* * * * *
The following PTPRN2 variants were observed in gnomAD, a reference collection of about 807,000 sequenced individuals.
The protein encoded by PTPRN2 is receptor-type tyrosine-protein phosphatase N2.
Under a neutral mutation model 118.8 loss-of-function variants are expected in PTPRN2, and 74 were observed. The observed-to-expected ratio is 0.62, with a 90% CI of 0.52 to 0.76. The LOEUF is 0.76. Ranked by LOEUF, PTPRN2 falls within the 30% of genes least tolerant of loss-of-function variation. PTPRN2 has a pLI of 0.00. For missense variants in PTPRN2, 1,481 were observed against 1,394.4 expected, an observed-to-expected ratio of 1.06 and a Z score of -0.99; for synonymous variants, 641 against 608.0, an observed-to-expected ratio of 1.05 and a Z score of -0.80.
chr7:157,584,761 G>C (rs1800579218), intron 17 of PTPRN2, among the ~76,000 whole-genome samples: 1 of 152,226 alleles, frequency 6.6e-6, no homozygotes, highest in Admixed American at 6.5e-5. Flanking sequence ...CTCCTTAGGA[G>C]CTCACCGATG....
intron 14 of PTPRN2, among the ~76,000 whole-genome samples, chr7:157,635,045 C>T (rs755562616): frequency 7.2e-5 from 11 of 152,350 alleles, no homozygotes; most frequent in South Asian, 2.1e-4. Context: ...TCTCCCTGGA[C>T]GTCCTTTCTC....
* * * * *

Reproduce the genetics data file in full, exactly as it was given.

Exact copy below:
The following PTPRN2 variants were observed in gnomAD, a reference collection of about 807,000 sequenced individuals.
The protein encoded by PTPRN2 is receptor-type tyrosine-protein phosphatase N2.
Under a neutral mutation model 118.8 loss-of-function variants are expected in PTPRN2, and 74 were observed. The observed-to-expected ratio is 0.62, with a 90% CI of 0.52 to 0.76. The LOEUF is 0.76. Ranked by LOEUF, PTPRN2 falls within the 30% of genes least tolerant of loss-of-function variation. PTPRN2 has a pLI of 0.00. For missense variants in PTPRN2, 1,481 were observed against 1,394.4 expected, an observed-to-expected ratio of 1.06 and a Z score of -0.99; for synonymous variants, 641 against 608.0, an observed-to-expected ratio of 1.05 and a Z score of -0.80.
chr7:157,584,761 G>C (rs1800579218), intron 17 of PTPRN2, among the ~76,000 whole-genome samples: 1 of 152,226 alleles, frequency 6.6e-6, no homozygotes, highest in Admixed American at 6.5e-5. Flanking sequence ...CTCCTTAGGA[G>C]CTCACCGATG....
intron 14 of PTPRN2, among the ~76,000 whole-genome samples, chr7:157,635,045 C>T (rs755562616): frequency 7.2e-5 from 11 of 152,350 alleles, no homozygotes; most frequent in South Asian, 2.1e-4. Context: ...TCTCCCTGGA[C>T]GTCCTTTCTC....